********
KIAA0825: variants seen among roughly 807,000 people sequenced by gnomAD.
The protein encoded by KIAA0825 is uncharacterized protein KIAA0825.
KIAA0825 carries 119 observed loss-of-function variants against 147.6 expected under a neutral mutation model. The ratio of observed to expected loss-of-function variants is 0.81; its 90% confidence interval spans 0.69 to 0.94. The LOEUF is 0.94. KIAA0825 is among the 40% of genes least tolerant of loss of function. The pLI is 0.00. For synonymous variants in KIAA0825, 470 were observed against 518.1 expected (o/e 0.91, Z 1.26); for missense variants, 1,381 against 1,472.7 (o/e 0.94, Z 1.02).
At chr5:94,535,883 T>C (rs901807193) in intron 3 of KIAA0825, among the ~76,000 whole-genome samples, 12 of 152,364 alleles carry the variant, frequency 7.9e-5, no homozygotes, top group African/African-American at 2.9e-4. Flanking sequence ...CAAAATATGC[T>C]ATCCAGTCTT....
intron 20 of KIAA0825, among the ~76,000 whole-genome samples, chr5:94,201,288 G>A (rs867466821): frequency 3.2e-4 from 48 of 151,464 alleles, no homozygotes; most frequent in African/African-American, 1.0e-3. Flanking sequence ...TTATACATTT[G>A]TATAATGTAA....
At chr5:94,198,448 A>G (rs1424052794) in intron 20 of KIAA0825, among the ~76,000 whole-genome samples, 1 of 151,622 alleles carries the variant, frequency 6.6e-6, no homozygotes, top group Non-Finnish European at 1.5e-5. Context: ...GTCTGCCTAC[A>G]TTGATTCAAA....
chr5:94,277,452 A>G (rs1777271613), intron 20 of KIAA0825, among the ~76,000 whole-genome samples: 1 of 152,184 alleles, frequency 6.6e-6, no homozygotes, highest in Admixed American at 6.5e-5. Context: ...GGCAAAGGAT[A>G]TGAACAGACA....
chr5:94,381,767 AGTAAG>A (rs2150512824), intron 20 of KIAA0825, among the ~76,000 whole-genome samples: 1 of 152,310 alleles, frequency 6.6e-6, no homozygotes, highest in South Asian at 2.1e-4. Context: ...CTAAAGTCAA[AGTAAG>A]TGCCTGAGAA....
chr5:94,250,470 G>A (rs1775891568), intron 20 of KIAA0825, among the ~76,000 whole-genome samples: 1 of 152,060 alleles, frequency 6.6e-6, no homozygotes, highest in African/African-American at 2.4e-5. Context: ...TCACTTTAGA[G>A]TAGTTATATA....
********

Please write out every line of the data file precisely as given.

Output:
KIAA0825: variants seen among roughly 807,000 people sequenced by gnomAD.
The protein encoded by KIAA0825 is uncharacterized protein KIAA0825.
KIAA0825 carries 119 observed loss-of-function variants against 147.6 expected under a neutral mutation model. The ratio of observed to expected loss-of-function variants is 0.81; its 90% confidence interval spans 0.69 to 0.94. The LOEUF is 0.94. KIAA0825 is among the 40% of genes least tolerant of loss of function. The pLI is 0.00. For synonymous variants in KIAA0825, 470 were observed against 518.1 expected (o/e 0.91, Z 1.26); for missense variants, 1,381 against 1,472.7 (o/e 0.94, Z 1.02).
At chr5:94,535,883 T>C (rs901807193) in intron 3 of KIAA0825, among the ~76,000 whole-genome samples, 12 of 152,364 alleles carry the variant, frequency 7.9e-5, no homozygotes, top group African/African-American at 2.9e-4. Flanking sequence ...CAAAATATGC[T>C]ATCCAGTCTT....
intron 20 of KIAA0825, among the ~76,000 whole-genome samples, chr5:94,201,288 G>A (rs867466821): frequency 3.2e-4 from 48 of 151,464 alleles, no homozygotes; most frequent in African/African-American, 1.0e-3. Flanking sequence ...TTATACATTT[G>A]TATAATGTAA....
At chr5:94,198,448 A>G (rs1424052794) in intron 20 of KIAA0825, among the ~76,000 whole-genome samples, 1 of 151,622 alleles carries the variant, frequency 6.6e-6, no homozygotes, top group Non-Finnish European at 1.5e-5. Context: ...GTCTGCCTAC[A>G]TTGATTCAAA....
chr5:94,277,452 A>G (rs1777271613), intron 20 of KIAA0825, among the ~76,000 whole-genome samples: 1 of 152,184 alleles, frequency 6.6e-6, no homozygotes, highest in Admixed American at 6.5e-5. Context: ...GGCAAAGGAT[A>G]TGAACAGACA....
chr5:94,381,767 AGTAAG>A (rs2150512824), intron 20 of KIAA0825, among the ~76,000 whole-genome samples: 1 of 152,310 alleles, frequency 6.6e-6, no homozygotes, highest in South Asian at 2.1e-4. Context: ...CTAAAGTCAA[AGTAAG>A]TGCCTGAGAA....
chr5:94,250,470 G>A (rs1775891568), intron 20 of KIAA0825, among the ~76,000 whole-genome samples: 1 of 152,060 alleles, frequency 6.6e-6, no homozygotes, highest in African/African-American at 2.4e-5. Context: ...TCACTTTAGA[G>A]TAGTTATATA....